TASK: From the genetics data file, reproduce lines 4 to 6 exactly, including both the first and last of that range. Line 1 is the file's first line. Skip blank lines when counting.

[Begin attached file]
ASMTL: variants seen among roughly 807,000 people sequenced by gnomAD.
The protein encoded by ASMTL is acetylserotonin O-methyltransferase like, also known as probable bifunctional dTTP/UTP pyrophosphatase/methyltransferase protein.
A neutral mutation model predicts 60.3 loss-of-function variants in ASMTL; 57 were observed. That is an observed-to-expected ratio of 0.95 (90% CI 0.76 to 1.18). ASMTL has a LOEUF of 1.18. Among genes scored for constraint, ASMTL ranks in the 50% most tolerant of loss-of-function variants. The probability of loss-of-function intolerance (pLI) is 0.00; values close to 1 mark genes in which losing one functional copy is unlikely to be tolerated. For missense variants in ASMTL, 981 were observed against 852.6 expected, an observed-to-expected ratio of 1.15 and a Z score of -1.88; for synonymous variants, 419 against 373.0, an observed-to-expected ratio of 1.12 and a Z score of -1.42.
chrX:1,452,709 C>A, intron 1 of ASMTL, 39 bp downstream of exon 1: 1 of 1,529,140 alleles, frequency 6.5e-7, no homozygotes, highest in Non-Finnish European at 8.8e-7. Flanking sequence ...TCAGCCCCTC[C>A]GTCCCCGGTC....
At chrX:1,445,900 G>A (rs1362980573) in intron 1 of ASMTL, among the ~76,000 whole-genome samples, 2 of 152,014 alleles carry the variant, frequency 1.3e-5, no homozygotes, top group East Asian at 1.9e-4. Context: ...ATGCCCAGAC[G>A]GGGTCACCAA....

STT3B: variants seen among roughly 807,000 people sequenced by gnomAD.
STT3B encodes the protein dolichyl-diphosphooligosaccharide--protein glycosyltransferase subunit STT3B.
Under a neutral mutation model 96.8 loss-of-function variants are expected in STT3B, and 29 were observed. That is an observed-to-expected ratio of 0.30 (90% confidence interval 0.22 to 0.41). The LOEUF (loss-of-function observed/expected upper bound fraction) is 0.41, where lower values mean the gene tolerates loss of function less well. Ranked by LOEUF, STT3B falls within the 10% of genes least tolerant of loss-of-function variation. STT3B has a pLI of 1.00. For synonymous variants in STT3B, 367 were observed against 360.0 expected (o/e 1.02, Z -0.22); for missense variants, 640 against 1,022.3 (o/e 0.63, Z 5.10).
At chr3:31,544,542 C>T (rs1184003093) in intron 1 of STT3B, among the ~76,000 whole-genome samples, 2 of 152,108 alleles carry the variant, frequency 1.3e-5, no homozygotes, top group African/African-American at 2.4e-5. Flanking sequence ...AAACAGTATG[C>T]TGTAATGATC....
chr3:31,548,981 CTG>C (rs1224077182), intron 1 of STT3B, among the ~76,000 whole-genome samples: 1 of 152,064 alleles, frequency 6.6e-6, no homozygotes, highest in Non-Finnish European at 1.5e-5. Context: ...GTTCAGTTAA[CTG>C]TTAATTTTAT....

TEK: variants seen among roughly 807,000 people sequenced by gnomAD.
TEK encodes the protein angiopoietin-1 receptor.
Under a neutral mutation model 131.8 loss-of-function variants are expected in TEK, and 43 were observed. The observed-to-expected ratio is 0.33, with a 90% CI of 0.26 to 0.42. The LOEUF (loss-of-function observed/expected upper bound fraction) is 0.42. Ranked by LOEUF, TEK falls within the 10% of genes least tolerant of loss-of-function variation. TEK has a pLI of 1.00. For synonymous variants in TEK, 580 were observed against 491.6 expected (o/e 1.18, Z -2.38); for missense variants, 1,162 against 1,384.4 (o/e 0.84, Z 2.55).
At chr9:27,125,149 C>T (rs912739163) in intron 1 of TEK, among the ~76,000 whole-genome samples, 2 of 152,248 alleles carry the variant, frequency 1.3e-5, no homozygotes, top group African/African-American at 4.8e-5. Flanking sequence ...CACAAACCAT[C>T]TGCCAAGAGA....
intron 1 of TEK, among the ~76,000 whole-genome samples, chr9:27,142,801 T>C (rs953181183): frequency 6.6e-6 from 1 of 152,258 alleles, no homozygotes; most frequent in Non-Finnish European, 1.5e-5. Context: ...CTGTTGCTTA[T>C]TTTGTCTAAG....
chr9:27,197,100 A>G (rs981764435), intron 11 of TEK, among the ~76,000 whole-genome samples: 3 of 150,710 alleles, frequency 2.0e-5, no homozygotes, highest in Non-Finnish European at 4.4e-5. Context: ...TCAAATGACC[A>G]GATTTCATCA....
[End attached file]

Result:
chrX:1,452,709 C>A, intron 1 of ASMTL, 39 bp downstream of exon 1: 1 of 1,529,140 alleles, frequency 6.5e-7, no homozygotes, highest in Non-Finnish European at 8.8e-7. Flanking sequence ...TCAGCCCCTC[C>A]GTCCCCGGTC....
At chrX:1,445,900 G>A (rs1362980573) in intron 1 of ASMTL, among the ~76,000 whole-genome samples, 2 of 152,014 alleles carry the variant, frequency 1.3e-5, no homozygotes, top group East Asian at 1.9e-4. Context: ...ATGCCCAGAC[G>A]GGGTCACCAA....

STT3B: variants seen among roughly 807,000 people sequenced by gnomAD.